Sam's Teardrop - Chassis RefinishBack to Sam's Teardrop Page

The chassis of the teardrop I purchased was completely rusted and I saw no way around sanding and repainting it if I wanted my teardrop to last.

Here is the chassis after I dissassembled the tear from it. (4/14/2005) Teardrop - Chassis before any work
It's merely surface rust so comes off pretty easily. If only there wasn't so much chassis! Teardrop - Sanding the Chassis
It's hard to sand a chassis when it's hailing! This was on 4/16/2005 Teardrop - Get the hail away from me
Speaking of rust, the floor frame was held on via bolts through the corner gussets and through these angles the prior owner welded to the chassis. To me it just looked like a good place for rust to form so I cut them off. I will attach the frame directly to the chassis. (4/28/2005) Teardrop - Removing the Angle Iron
I removed the axle and springs so I could get to the chassis that was behind the wheels. Teardrop - Sanding the Chassis
The hubs, springs, hangers, and parts of the axle itself are rusted and need refinished. Teardrop - Rusty springs and hubs
Making some real progress. I sanded/ground/brushed small sections at a time, applied rust converter, then painted. Not the ideal way to do this but it works since the job is taking so long. (5/3/2005) Teardrop - Making progress on the chassis
The same method was used on the hubs, springs, and axle. Teardrop - Springs and hubs redone
The top and sides of the chassis are finally done. I finished this much in just over six weeks working on and off. Teardrop - Top and sides of the chassis are done
Flipping the chassis over shows that I still have a long way to go. Teardrop - Bottom of the chassis is still bleak
Tools of the trade: power drill with various wire brush and stripper wheels, rust converter liquid, and Rustoleum "Hammered" finish black spray paint. (6/2/2005) Teardrop - Tools of the trade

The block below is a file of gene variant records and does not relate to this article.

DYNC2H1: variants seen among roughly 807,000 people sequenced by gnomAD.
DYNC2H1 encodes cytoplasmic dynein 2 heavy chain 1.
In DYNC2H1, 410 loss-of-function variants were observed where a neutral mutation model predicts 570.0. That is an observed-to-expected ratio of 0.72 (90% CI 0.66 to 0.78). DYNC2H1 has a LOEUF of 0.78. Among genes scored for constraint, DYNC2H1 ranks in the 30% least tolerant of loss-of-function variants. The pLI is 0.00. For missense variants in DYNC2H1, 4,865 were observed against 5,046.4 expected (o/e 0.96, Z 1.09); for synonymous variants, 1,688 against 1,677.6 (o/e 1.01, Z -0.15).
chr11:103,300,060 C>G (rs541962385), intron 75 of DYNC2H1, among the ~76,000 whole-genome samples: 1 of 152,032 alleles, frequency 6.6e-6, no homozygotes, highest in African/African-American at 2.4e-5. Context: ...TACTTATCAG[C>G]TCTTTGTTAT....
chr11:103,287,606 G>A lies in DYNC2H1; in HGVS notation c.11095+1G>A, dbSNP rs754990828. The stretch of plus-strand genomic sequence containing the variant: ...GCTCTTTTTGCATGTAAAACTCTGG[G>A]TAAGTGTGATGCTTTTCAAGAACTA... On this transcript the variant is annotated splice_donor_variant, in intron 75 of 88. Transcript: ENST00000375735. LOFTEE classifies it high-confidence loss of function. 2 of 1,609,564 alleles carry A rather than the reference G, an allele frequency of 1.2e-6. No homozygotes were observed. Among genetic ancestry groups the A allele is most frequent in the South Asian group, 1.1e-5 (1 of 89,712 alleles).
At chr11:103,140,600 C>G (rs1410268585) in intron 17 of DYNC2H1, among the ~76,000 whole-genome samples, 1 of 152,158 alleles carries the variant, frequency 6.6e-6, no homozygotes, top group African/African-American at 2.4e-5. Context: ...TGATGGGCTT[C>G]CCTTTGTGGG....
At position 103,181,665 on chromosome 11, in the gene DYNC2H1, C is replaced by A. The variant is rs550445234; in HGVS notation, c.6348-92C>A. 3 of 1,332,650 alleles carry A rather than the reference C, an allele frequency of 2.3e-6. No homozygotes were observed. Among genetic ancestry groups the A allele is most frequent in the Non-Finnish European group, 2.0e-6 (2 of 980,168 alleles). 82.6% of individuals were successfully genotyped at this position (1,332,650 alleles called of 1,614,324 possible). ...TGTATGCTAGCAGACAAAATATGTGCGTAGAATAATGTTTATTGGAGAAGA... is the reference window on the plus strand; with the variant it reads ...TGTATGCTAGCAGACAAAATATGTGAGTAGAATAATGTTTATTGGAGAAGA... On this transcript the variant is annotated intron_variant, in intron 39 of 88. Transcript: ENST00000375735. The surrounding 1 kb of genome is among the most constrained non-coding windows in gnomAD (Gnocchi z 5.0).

I've bolted the stabilizer jacks on and welded a receiver hitch and safety chain rings on to the chassis. I'm brand new to welding and must say it's quite a bit harder than I had imagined. I don't plan on double towing with the tear, the receiver will be used to hold a bike rack at most and my ugly welds should hold. (6/8/2005) Teardrop - Receiver and Stabilizer Jacks
I've replaced the wimpy chains the former owner had installed with ones that will actually hold the tear if it breaks loose. The coupler is a bolt-on model that he welded on at the back and through the bolt holes. I added an additional bolt through the front to hold the chains and as a backup for the welds. Teardrop - New Safety Chains
The chassis is de-rusted and painted. Another coat of paint all over and it'll be ready for the wheels and tongue jack again. (6/10/2005) Teardrop - Done Sanding and Painting
Finally done! I started the sanding on 4/14/05 and finished on 6/10/05. It was a much bigger job than I anticipated. I'm still torn on whether or not to flip the axle. As you can see, there is very little clearance between the tires and the chassis. Think I'll try it anyway. Teardrop - Finished at Last
The axle is now flipped to sit on top of the springs. Everything is tightened up. Teardrop - Finished at Last
You can see that there is only about an inch of clearance between the tires and the chassis. It's going to take a pretty big bump to move the tire into the side of the tear. Guess I better drive carefully. Teardrop - Finished at Last
But boy does it make a difference. The chassis dropped by about 5 inches. On to the floor! Way cool. (6/11/2005) Teardrop - Finished at Last

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Last Modified: June 11, 2005

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